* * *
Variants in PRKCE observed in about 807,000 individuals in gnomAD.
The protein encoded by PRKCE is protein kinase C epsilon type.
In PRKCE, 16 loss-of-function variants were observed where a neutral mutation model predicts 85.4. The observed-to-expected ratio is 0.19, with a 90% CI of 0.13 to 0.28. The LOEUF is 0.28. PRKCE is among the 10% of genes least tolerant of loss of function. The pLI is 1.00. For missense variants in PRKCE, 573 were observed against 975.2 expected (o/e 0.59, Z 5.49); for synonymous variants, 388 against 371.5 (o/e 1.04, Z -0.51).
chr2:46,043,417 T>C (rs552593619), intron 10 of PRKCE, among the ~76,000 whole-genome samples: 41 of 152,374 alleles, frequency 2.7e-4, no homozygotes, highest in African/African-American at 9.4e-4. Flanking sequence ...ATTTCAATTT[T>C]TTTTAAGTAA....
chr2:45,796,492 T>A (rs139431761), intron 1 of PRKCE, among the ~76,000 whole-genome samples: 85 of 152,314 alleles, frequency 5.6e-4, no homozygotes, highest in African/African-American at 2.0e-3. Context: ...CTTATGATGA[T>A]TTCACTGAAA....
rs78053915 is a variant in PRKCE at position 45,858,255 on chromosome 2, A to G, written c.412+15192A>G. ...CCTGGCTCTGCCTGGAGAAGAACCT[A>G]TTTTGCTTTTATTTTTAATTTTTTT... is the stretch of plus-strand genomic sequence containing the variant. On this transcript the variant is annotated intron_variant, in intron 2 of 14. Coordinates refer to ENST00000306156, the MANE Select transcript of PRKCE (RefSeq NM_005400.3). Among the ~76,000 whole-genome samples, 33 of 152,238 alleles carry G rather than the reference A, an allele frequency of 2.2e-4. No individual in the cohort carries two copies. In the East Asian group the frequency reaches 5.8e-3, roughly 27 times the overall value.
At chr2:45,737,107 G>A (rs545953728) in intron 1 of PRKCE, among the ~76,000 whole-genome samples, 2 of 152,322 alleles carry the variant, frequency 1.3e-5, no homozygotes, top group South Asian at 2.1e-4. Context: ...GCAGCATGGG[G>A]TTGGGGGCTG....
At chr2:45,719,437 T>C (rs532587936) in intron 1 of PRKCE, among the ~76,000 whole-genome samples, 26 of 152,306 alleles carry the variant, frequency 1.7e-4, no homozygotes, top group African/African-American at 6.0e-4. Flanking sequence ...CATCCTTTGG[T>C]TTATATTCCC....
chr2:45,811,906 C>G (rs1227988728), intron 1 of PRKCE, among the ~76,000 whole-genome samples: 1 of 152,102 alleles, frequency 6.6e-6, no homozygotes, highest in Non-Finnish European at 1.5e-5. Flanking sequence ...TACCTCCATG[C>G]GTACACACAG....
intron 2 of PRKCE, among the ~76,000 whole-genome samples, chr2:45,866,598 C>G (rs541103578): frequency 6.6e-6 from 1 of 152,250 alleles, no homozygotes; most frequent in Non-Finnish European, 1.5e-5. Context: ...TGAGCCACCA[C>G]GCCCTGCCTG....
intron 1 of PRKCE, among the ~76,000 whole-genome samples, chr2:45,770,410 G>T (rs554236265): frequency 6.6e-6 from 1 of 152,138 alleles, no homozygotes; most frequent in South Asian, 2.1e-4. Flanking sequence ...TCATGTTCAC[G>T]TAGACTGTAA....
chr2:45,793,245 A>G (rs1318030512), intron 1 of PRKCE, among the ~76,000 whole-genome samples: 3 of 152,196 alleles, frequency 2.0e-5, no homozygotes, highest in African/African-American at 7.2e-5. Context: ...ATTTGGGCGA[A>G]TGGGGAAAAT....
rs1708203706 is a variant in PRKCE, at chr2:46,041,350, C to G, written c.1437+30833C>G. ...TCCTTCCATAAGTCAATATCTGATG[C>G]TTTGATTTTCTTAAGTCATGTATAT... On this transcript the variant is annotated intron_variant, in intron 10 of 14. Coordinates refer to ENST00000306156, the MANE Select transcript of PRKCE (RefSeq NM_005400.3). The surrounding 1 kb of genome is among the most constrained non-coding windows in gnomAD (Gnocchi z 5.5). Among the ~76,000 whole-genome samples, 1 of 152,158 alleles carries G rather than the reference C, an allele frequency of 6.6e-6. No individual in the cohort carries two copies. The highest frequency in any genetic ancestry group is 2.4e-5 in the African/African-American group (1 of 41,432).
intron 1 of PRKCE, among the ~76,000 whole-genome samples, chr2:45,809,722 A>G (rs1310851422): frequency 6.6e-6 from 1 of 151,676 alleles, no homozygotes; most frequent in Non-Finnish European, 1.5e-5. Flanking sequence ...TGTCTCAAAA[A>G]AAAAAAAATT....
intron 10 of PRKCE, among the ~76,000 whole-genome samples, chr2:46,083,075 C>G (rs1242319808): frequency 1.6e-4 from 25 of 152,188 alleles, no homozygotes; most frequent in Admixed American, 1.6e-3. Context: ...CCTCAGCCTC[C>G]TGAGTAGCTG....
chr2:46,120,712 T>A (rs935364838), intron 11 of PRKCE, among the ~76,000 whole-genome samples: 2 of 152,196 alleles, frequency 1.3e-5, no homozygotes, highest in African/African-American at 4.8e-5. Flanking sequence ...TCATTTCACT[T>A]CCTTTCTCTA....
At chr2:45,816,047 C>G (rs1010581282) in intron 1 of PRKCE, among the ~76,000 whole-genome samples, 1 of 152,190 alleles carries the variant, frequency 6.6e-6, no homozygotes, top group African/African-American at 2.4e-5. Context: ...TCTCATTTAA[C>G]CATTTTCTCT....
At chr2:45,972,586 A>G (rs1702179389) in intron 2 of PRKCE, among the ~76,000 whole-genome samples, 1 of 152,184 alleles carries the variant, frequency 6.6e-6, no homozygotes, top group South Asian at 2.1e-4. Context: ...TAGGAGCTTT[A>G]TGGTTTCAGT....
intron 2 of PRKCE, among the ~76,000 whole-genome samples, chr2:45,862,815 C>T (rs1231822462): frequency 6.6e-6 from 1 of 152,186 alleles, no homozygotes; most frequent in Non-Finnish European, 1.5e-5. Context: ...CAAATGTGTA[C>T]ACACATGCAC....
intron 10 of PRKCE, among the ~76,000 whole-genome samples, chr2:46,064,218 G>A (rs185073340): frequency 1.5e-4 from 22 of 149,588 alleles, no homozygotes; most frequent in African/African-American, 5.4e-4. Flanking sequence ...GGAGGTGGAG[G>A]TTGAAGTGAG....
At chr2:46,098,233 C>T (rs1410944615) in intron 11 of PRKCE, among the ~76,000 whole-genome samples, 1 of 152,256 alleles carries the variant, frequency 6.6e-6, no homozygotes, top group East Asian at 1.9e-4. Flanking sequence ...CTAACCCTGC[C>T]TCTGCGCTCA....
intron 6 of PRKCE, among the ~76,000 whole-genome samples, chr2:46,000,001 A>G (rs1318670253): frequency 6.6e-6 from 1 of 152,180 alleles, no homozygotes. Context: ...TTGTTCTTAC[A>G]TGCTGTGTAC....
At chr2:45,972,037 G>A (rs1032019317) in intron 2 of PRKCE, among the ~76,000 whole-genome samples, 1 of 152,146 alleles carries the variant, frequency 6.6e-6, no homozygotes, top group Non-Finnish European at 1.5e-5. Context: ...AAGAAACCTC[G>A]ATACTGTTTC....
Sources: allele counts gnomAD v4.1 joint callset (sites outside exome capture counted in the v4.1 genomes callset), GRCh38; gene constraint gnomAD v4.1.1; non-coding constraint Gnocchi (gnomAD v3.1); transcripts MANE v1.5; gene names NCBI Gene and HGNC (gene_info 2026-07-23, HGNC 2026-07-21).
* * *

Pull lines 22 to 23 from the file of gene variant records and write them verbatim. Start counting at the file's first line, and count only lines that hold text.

intron 6 of PRKCE, among the ~76,000 whole-genome samples, chr2:46,000,001 A>G (rs1318670253): frequency 6.6e-6 from 1 of 152,180 alleles, no homozygotes. Context: ...TTGTTCTTAC[A>G]TGCTGTGTAC....
At chr2:45,972,037 G>A (rs1032019317) in intron 2 of PRKCE, among the ~76,000 whole-genome samples, 1 of 152,146 alleles carries the variant, frequency 6.6e-6, no homozygotes, top group Non-Finnish European at 1.5e-5. Context: ...AAGAAACCTC[G>A]ATACTGTTTC....